CMPM 146 P7: ASP Dungeons

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. . _ . . . . 1 1 1 1 1 1 1 ­ ­ ­ 2 2 2 2 ­ ­ ­ ­ ­ 3 3
W W W . . a . ­ ­ ­ ­ ­ ­ 1 ­ ­ ­ 2 2 2 2 ­ ­ ­ ­ ­ ­ 3
W W W W . . . ­ ­ ­ ­ ­ ­ 1 ­ ­ ­ ­ 2 2 2 ­ ­ ­ ­ 3 3 3
W W W W . . _ ­ ­ ­ ­ ­ 1 1 ­ ­ ­ ­ 2 2 ­ ­ ­ ­ ­ 3 3 ­
W g . . . . . ­ 1 1 1 1 1 ­ ­ ­ 2 2 2 2 ­ ­ ­ ­ ­ ­ 3 3
W W W W W W . ­ ­ ­ ­ ­ ­ ­ ­ ­ ­ ­ ­ ­ ­ ­ ­ ­ ­ ­ ­ 3
W W W W W W . ­ ­ ­ ­ ­ ­ ­ ­ ­ ­ ­ ­ ­ ­ ­ ­ ­ ­ ­ ­ 3
IPython Notebook from Lecture
http://nbviewer.ipython.org/urls/dl.dropbox.com/s/idsexzd9zvq09mc/Textbook.ipynb
Walkthrough
Step 1: Download the Potassco Tools
● Navigate to http://potassco.sourceforge.net/
● Find the clingo­4.5.0 binaries for your platform, and download them.
● Unpack them to your project directory, and find the gringo, clingo, and reify
executables.
Step 2: Extract AnsProlog Programs from Example Code
● Copy/paste these files from the example IPython Notebook. Make sure the “%%file”
line at the top of the notebook cell is notincluded in the file contents.
○ level­core.lp
○ level­style.lp
○ level­sim.lp
○ level­shortcuts.lp
Step 3: Test the Solver
● In your command line shell, execute a command equivalent to the following to make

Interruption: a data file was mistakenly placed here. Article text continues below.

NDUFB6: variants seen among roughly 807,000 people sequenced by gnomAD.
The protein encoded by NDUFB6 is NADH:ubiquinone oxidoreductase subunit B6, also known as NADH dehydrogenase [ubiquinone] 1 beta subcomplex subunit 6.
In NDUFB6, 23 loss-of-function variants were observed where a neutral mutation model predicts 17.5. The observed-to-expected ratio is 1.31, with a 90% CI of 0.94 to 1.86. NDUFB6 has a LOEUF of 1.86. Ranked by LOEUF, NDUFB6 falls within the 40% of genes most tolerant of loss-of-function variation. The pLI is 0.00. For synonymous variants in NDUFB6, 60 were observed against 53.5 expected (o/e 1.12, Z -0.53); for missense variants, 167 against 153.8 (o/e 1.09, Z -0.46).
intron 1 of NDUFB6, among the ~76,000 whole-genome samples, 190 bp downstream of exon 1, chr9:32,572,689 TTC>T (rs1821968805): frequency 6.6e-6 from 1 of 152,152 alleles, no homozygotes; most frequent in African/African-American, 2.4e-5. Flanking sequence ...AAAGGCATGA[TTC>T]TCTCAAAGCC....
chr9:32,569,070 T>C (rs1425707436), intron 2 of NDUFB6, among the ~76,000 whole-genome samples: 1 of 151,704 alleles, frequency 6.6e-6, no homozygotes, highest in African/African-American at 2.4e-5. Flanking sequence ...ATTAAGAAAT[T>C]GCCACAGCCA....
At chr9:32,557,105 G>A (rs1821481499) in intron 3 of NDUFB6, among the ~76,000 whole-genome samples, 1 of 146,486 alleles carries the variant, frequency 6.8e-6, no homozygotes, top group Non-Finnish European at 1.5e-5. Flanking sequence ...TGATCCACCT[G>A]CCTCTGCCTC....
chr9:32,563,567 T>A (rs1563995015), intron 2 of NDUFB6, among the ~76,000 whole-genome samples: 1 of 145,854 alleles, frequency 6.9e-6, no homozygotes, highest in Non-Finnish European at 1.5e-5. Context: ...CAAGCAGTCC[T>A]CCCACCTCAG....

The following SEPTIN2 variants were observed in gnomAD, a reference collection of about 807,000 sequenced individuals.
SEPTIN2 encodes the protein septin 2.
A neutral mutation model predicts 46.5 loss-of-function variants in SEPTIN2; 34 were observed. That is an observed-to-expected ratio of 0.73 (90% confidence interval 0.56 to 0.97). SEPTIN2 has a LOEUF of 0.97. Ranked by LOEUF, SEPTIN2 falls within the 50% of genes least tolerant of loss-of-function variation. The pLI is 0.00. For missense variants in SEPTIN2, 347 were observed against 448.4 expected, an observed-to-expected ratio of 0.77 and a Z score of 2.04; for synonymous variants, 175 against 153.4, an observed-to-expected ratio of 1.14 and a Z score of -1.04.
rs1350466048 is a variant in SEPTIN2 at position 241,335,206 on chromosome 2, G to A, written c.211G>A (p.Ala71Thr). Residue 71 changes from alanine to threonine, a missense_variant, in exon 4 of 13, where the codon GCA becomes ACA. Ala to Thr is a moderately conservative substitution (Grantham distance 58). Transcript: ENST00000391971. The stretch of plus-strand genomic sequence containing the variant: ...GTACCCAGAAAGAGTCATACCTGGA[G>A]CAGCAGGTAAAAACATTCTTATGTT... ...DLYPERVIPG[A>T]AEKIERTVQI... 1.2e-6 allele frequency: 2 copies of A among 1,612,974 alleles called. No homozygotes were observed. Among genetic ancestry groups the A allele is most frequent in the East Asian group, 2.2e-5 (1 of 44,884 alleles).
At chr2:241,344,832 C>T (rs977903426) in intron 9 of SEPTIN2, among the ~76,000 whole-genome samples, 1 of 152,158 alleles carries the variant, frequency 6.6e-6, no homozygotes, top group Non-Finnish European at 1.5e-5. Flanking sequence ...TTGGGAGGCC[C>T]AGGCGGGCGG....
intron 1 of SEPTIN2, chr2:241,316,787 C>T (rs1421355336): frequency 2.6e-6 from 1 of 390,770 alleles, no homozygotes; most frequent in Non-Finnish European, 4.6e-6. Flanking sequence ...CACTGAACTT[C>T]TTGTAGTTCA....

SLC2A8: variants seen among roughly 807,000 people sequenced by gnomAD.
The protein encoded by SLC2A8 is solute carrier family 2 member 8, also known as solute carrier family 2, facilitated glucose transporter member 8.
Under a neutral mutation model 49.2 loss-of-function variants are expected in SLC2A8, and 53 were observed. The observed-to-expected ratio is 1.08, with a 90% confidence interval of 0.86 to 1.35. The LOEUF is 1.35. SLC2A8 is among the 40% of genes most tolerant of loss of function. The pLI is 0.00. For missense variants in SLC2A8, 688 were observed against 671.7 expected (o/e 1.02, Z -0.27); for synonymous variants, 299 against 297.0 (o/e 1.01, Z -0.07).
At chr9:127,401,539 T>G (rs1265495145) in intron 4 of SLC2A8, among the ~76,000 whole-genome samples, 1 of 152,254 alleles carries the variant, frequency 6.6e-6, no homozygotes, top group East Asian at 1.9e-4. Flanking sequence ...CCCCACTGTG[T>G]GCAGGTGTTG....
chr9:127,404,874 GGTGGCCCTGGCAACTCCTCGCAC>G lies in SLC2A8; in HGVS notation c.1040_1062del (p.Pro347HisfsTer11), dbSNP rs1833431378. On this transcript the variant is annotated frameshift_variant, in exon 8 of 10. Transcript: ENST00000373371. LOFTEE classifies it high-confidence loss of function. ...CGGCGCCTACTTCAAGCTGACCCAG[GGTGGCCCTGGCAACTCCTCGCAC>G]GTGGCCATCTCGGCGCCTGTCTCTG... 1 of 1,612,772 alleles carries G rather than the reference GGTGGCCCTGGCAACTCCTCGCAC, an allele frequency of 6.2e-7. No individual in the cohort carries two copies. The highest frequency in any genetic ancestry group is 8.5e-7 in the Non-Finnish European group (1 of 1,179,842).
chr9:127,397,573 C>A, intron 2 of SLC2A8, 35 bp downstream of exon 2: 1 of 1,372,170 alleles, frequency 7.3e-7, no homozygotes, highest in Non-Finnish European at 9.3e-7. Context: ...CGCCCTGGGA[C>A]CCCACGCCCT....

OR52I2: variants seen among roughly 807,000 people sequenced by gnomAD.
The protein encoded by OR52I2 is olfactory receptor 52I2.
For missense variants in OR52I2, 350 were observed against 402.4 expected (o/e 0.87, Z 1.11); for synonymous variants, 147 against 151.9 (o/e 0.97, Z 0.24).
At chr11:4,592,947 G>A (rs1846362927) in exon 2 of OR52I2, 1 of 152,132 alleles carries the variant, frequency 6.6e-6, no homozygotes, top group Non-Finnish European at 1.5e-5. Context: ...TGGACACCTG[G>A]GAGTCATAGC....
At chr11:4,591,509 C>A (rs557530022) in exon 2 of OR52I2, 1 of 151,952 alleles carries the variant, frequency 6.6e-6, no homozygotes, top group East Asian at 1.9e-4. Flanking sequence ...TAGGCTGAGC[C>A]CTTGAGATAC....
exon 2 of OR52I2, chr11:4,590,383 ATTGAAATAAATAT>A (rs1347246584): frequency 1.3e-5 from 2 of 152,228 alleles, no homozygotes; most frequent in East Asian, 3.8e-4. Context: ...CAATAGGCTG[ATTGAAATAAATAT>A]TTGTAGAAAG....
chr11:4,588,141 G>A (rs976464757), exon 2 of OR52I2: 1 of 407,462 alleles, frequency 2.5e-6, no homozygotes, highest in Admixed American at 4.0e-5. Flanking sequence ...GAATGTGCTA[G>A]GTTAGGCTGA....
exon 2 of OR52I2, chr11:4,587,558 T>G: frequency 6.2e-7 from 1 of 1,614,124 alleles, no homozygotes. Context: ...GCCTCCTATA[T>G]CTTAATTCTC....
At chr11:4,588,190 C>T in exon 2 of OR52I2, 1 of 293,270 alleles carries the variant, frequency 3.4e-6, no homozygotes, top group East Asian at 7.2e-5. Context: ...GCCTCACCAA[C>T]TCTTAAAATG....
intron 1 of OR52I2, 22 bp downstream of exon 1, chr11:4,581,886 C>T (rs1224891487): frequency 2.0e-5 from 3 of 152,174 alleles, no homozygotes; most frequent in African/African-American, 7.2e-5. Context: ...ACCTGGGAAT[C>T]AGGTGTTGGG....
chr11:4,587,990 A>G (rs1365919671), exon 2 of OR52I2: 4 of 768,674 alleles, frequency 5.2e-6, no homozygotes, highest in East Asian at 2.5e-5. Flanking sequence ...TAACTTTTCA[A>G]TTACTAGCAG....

sure you can run the solver (clingo) on some answer set programs. You may need to
change your working directory or specify an alternate path to the clingo executable.
● $ clingo level­core.lp
● You should see output like this:
○ clingo version 4.5.0
Reading from level­core.lp
Solving…
Answer: 1
param(“width”,10) tile((0,0)) tile((1,0)) tile((2,0)) tile((3,0))
tile((4,0)) tile((5,0)) tile((6,0)) tile((7,0)) tile((8,0)) tile((9,0))
tile((0,1)) tile((1,1)) tile((2,1)) tile((3,1)) tile((4,1)) tile((5,1))
tile((6,1)) tile((7,1)) tile((8,1)) tile((9,1)) tile((0,2)) tile((1,2))
tile((2,2)) tile((3,2)) tile((4,2)) tile((5,2)) tile((6,2)) tile((7,2))
tile((8,2)) tile((9,2)) tile((0,3)) tile((1,3)) tile((2,3)) tile((3,3))
tile((4,3)) tile((5,3)) tile((6,3)) tile((7,3)) tile((8,3)) tile((9,3))
tile((0,4)) tile((1,4)) tile((2,4)) tile((3,4)) tile((4,4)) tile((5,4))
tile((6,4)) tile((7,4)) tile((8,4)) tile((9,4)) tile((0,5)) tile((1,5))
tile((2,5)) tile((3,5)) tile((4,5)) tile((5,5)) tile((6,5)) tile((7,5))
tile((8,5)) tile((9,5)) tile((0,6)) tile((1,6)) tile((2,6)) tile((3,6))
tile((4,6)) tile((5,6)) tile((6,6)) tile((7,6)) tile((8,6)) tile((9,6))
tile((0,7)) tile((1,7)) tile((2,7)) tile((3,7)) tile((4,7)) tile((5,7))
tile((6,7)) tile((7,7)) tile((8,7)) tile((9,7)) tile((0,8)) tile((1,8))
tile((2,8)) tile((3,8)) tile((4,8)) tile((5,8)) tile((6,8)) tile((7,8))
tile((8,8)) tile((9,8)) tile((0,9)) tile((1,9)) tile((2,9)) tile((3,9))
tile((4,9)) tile((5,9)) tile((6,9)) tile((7,9)) tile((8,9)) tile((9,9))
sprite((4,0),altar) sprite((3,0),gem) sprite((1,0),trap)
sprite((2,0),trap)
SATISFIABLE
Models : 1+
Calls : 1
Time : 0.021s (Solving: 0.00s 1st Model: 0.00s Unsat: 0.00s)
CPU Time : 0.010s
Step 4: Capture One Example Output
● Execute a command equivalent to the following to save the output of one random run
of the solver to a text file. The “­­sign­def=3” argument tells the solver to use a random
heuristic and “­­out=2” tells the solver to output in JSON format.